Photorespiration and the Effect of Oxygen on Photosynthesis
Photorespiration is the light-dependent, oxygen-sensitive CO2 evolution from green leaves that originates from the metabolism of compounds in the glycolate pathway. It has been termed “an inevitable consequence of the existence of atmospheric oxygen” (1) and has been attributed to the ability of ribulose bisphosphate carboxylase to act also as an oxygenase catalyzing the reaction of oxygen with ribulose bisphosphate (RuBP) to yield phosphoglycolate (2), the precursor of the substrate for the glycolate pathway. In this reaction, oxygen not only produces the substrate for photorespiration but also competitively prevents the fixation of CO2 (3, 4). It has been known for some time that the inhibition of photosynthesis by oxygen is comprised of two components, inhibition of true photosynthesis and stimulation of photorespiration (5, 6). With the discovery of the oxygenase activity of RuBP carboxylase, both these components were attributed to the effect of oxygen on the enzyme (4, 7), and the joint action of oxygen and CO2 on the enzyme was proposed to be responsible for the regulation of soybean net photosynthesis (8). The oxygen concentration around a leaf—and in it, as the oxygen concentration is similar, (9)—can be quickly changed; and, if oxygen acts only on the oxygenase, one might expect a change in oxygen concentration to be accompanied by a corresponding rapid change in CO2 fixation to a new steady rate.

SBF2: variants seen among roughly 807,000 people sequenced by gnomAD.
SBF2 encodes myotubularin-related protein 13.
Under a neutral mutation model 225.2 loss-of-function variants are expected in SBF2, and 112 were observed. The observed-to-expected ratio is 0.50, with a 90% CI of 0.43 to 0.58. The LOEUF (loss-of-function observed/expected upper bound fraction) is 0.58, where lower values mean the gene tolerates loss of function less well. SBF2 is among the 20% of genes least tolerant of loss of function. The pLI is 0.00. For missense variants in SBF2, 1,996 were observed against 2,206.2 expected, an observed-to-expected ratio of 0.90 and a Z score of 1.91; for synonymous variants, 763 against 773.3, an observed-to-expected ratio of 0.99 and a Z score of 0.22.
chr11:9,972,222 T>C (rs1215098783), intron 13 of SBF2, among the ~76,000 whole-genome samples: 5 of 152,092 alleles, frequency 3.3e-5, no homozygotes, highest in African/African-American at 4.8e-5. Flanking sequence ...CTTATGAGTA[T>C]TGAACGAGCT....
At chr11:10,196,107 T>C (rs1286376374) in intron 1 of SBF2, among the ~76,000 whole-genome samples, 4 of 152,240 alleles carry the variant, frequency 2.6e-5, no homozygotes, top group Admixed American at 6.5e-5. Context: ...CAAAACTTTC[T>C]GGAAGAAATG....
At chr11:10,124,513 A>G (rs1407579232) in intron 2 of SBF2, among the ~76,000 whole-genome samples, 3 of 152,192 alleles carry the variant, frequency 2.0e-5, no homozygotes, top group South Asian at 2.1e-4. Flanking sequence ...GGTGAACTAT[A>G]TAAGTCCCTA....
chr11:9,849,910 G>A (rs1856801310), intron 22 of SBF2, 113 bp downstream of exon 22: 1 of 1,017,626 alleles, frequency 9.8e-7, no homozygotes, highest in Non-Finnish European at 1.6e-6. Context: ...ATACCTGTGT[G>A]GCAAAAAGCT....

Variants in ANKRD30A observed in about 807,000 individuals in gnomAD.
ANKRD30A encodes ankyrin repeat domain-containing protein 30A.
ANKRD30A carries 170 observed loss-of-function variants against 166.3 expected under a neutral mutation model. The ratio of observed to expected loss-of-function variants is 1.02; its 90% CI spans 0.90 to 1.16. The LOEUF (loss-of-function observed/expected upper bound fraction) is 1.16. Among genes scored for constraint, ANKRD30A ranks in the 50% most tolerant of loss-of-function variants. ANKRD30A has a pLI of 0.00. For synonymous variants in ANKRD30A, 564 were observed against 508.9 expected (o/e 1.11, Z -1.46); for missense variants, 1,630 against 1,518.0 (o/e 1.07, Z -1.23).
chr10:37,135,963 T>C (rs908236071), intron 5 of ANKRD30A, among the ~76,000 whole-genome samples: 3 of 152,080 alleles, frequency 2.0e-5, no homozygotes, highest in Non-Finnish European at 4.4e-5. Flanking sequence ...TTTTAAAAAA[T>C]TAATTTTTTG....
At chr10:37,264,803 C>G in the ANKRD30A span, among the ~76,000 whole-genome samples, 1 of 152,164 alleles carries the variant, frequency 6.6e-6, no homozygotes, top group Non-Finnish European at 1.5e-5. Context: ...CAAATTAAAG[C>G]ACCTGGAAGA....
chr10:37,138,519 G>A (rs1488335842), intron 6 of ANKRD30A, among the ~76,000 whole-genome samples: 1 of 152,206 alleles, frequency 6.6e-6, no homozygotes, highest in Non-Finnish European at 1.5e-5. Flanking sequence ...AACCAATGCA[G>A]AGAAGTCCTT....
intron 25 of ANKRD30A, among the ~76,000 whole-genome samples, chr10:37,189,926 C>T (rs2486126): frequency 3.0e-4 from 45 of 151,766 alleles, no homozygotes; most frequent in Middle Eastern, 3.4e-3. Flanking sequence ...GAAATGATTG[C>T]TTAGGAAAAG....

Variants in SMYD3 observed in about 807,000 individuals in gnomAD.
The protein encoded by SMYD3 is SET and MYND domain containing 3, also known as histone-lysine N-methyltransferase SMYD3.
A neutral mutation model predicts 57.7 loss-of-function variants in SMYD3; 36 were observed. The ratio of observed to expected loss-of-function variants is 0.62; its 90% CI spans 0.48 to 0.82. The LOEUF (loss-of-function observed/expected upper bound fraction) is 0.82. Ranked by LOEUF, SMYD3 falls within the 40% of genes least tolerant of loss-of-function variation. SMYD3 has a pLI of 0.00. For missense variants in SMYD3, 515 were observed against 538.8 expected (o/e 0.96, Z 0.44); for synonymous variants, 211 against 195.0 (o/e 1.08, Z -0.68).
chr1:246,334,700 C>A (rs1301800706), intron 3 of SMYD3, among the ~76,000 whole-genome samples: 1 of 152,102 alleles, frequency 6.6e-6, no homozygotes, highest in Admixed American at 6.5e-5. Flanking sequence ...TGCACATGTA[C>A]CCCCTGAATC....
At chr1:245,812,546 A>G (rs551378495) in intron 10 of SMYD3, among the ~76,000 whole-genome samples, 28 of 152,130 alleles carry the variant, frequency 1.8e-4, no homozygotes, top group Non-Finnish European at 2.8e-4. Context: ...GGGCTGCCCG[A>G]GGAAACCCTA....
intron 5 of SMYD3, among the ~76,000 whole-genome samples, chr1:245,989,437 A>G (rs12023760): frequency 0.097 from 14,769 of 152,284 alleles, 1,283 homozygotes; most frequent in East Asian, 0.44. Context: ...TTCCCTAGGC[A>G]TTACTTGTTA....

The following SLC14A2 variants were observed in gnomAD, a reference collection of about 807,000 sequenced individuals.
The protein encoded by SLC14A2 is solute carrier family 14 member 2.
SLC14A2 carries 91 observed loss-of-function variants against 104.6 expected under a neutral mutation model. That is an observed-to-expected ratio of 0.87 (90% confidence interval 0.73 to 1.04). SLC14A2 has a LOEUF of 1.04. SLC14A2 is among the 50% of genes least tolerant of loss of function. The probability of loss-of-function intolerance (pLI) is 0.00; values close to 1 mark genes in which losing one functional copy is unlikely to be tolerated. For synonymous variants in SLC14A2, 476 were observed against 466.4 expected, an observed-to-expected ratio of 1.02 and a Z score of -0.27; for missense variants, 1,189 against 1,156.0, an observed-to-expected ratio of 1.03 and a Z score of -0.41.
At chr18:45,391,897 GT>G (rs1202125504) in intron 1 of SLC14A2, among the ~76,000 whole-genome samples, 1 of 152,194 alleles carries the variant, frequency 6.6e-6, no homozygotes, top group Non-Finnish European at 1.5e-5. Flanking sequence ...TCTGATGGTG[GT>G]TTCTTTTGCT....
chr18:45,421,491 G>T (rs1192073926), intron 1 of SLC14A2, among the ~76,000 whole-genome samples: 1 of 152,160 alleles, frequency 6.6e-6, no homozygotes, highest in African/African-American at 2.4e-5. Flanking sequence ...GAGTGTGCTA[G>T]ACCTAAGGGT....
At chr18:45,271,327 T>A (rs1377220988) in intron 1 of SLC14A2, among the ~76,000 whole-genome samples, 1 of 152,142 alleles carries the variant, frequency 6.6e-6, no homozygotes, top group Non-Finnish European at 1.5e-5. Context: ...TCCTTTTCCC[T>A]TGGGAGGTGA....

KeywordsOxygen Concentration Final Rate Photosynthesis Rate Stomatal Aperture Steady Rate
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